More People May Quit This Year. Here's Why

A strong market in many fields and record or near-record unemployment gives many workers more options. People can quit their jobs or negotiate a better deal from their current employer from a position of strength.

That, of course, is not universal since some jobs are in higher demand than others. But in fields where employees have leverage, 2018 could be a year where more people either move on or use their leverage to get what nearly half of employees rank as their biggest reason for changing jobs, according to a new report from Glassdoor, more money.

Over a third (35%) of the 750 hiring decision makers in the United States and the United Kingdom surveyed by Glassdoor expect more employees to quit over the next 12 months. Salary was the top reason employees leave, according to the study with hiring executives saying that 45% of those leaving cite that, followed by career advancement opportunities, benefits and location.

Employees want transparency

When it comes to seeking a new job workers clearly want to see salary ranges listed in employment ads. In fact, a separate 2017 Glassdoor survey showed that 98% of job seekers and employees said it would be helpful to see pay ranges included in open job listings.

Despite that, research conducted by the jobs and recruiting site showed that fewer than one in 10 online job listings includes salary ranges. That's not just confusing for job seekers. It also leads to problems for the companies doing the hiring as 37% of hiring decision makers say retention rates would increase significantly if new hires were better informed during the hiring process.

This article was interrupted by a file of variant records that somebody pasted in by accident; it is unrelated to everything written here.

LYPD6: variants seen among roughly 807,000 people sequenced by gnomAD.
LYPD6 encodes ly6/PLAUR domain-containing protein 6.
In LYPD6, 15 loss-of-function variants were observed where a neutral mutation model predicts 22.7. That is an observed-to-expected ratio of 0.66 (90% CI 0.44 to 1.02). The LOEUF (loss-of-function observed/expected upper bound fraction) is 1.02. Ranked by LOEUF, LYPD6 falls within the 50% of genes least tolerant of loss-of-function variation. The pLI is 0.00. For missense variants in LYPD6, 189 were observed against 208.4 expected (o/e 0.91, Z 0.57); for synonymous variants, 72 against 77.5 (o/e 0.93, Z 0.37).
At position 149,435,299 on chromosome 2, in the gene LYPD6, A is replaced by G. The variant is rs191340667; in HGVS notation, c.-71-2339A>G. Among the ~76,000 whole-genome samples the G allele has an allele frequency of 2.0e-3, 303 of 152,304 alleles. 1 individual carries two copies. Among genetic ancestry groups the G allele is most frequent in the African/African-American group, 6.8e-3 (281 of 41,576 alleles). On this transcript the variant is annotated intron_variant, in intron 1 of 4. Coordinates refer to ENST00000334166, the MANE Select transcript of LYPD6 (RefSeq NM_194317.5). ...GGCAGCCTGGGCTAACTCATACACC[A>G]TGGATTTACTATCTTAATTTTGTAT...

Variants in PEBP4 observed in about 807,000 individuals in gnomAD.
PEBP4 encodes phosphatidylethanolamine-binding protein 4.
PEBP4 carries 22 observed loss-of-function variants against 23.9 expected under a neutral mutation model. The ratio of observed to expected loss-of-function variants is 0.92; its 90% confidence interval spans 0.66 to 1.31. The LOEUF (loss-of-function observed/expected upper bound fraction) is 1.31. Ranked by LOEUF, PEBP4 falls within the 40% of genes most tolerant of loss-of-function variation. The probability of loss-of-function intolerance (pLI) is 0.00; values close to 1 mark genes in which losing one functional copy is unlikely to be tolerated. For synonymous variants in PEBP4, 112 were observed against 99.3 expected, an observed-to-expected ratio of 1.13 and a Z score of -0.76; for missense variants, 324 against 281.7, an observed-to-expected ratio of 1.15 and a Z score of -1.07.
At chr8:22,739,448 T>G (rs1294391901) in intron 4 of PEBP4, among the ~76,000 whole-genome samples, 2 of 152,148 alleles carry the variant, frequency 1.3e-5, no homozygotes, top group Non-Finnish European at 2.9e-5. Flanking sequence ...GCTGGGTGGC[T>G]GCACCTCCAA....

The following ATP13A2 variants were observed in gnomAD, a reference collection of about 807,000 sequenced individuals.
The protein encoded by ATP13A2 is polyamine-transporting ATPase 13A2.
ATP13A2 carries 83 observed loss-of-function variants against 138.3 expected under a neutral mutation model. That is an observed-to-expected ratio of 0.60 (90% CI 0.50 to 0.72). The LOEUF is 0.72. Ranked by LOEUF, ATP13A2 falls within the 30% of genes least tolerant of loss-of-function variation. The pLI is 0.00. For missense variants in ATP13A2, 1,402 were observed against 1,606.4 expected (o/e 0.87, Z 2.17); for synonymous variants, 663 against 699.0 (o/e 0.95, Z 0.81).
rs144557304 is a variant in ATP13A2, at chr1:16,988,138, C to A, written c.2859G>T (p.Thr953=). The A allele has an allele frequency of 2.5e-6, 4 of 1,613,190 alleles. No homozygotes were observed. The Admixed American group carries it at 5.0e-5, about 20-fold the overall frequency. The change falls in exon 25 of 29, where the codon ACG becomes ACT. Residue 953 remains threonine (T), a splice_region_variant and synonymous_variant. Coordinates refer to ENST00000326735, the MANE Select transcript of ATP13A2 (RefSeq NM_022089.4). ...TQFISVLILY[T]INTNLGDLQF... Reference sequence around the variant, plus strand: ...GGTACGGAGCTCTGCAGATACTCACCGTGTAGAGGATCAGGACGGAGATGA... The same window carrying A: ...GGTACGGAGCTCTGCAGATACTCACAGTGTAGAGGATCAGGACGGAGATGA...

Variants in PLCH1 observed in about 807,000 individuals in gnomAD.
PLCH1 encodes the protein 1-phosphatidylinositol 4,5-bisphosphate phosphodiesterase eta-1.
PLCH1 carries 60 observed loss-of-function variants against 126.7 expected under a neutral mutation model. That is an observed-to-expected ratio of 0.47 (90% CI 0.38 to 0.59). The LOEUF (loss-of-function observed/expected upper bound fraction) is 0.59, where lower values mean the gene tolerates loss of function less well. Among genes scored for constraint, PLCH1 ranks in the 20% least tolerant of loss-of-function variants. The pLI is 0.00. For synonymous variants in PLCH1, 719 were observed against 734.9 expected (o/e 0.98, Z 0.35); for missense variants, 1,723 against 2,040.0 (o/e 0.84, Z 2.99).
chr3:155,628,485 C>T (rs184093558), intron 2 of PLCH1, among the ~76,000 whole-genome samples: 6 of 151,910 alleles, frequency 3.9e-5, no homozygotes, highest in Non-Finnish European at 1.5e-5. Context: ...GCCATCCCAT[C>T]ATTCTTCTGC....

"If candidates were better informed about how their pay and career could progress during the initial job search and recruiting process, they would be less likely to take a job that turns out to be a bad fit," said Glassdoor Chief Human Resources Officer Carmel Galvin in a press release. "Recruiters and hiring managers need to manage expectations and use all channels available to them to communicate with potential candidates to ensure pay realities meet expectations."

It's not just about salary

Money is important, but so is career path, culture, fit, and other factors. A separate study by Glassdoor Economic Research found that employers with better overall Glassdoor ratings are more likely to retain employees.

"There is almost always going to be a rival firm that could potentially pay your best people more," said Galvin who noted that his company's research as well as other studies "confirm that company culture matters more than pay as a driver of long-term employee satisfaction and engagement. If you can improve your workplace culture and offer people career advancement opportunities, this will help you hold on to people longer."

This is good for workers

Whether you actually quit your job or not, having increased options benefits workers. If the job market remains strong companies may be forced to do a number of things employees want. This could include listing salary ranges in job ads and improving working conditions and office culture in order to retain employees.

In many cases, though, as an employee, the best way to get more money, better benefits, or whatever else you might want is to have leverage. That may mean looking for a job and being willing to leave for the right offer could be your easiest path to getting everything you want.

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